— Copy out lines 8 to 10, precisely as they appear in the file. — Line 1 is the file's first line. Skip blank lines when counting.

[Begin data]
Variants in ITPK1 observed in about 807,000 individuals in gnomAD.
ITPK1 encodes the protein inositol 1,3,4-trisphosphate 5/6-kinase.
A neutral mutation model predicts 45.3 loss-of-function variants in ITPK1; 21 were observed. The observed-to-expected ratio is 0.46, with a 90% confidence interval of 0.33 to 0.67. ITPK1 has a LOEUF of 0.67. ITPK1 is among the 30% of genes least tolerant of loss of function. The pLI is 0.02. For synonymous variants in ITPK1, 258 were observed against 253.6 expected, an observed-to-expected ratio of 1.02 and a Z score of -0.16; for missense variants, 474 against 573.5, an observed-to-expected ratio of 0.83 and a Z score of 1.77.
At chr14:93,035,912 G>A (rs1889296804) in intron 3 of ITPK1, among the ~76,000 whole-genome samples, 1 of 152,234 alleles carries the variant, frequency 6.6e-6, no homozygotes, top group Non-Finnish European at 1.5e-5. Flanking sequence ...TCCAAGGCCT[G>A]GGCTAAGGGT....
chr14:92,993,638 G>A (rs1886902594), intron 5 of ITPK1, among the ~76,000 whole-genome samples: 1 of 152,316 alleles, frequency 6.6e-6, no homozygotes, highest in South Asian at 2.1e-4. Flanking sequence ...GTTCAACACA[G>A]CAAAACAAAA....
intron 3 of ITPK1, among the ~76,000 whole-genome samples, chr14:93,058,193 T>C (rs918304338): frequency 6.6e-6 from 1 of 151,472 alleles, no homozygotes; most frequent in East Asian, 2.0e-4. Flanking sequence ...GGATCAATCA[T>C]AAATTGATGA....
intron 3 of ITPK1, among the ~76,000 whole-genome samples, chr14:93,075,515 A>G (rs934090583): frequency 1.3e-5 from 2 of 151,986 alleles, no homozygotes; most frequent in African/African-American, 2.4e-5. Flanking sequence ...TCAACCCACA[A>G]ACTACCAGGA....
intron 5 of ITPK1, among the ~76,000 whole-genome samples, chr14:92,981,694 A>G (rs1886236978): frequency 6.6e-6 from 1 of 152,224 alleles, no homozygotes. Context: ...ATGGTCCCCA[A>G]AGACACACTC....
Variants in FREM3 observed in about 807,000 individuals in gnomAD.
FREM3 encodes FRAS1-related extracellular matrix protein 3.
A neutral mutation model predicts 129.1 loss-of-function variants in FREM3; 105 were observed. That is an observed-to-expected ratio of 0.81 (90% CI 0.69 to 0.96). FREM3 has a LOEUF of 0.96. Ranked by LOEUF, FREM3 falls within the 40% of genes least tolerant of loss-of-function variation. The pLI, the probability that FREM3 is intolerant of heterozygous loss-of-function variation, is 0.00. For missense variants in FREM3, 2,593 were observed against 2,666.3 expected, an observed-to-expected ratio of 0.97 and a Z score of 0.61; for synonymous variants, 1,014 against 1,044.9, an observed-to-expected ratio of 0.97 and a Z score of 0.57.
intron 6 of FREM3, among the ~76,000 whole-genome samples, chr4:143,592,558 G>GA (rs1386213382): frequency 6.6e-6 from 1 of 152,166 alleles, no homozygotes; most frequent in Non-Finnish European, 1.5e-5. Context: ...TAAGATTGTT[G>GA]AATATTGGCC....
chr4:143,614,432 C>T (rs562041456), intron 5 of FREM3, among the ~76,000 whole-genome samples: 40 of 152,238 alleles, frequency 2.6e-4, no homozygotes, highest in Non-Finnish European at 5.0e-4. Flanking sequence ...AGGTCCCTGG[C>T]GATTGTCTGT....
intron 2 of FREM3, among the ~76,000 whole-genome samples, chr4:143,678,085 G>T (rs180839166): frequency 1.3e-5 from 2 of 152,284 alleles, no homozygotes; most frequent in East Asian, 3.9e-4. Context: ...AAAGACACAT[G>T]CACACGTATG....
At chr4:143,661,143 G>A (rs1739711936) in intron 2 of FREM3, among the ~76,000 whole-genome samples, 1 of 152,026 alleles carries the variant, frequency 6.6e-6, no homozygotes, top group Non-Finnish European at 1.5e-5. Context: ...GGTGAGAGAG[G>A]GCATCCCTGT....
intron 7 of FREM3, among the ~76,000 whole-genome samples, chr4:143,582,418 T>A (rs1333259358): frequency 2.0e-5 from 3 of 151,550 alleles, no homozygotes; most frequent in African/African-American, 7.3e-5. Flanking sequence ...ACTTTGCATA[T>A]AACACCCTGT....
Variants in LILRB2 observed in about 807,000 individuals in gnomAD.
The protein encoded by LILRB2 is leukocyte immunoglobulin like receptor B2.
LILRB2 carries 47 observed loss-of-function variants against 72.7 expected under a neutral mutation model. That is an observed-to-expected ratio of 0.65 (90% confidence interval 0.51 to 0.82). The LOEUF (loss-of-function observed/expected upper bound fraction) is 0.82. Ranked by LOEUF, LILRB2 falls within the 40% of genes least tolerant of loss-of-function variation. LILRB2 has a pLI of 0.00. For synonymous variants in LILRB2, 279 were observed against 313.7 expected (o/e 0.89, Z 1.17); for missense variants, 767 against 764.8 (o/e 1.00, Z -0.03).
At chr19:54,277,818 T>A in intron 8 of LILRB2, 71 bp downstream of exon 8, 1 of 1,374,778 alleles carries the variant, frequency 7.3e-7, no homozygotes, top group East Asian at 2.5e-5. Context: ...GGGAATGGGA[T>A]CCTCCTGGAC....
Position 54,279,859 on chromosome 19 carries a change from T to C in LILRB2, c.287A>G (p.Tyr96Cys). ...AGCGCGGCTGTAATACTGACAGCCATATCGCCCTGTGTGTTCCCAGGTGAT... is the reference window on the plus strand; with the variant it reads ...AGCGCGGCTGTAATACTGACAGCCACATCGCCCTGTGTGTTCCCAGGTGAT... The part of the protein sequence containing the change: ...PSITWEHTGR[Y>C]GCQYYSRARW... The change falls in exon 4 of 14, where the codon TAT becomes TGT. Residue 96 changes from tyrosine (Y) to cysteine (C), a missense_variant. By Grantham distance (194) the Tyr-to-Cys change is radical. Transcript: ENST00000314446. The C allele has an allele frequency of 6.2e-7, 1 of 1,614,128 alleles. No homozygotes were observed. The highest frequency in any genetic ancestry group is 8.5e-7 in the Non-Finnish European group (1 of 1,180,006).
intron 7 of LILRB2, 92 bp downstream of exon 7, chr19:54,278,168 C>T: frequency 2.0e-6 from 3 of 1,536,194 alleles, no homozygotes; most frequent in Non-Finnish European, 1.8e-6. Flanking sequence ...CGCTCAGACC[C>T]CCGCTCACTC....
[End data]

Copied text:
intron 5 of ITPK1, among the ~76,000 whole-genome samples, chr14:92,981,694 A>G (rs1886236978): frequency 6.6e-6 from 1 of 152,224 alleles, no homozygotes. Context: ...ATGGTCCCCA[A>G]AGACACACTC....
Variants in FREM3 observed in about 807,000 individuals in gnomAD.
FREM3 encodes FRAS1-related extracellular matrix protein 3.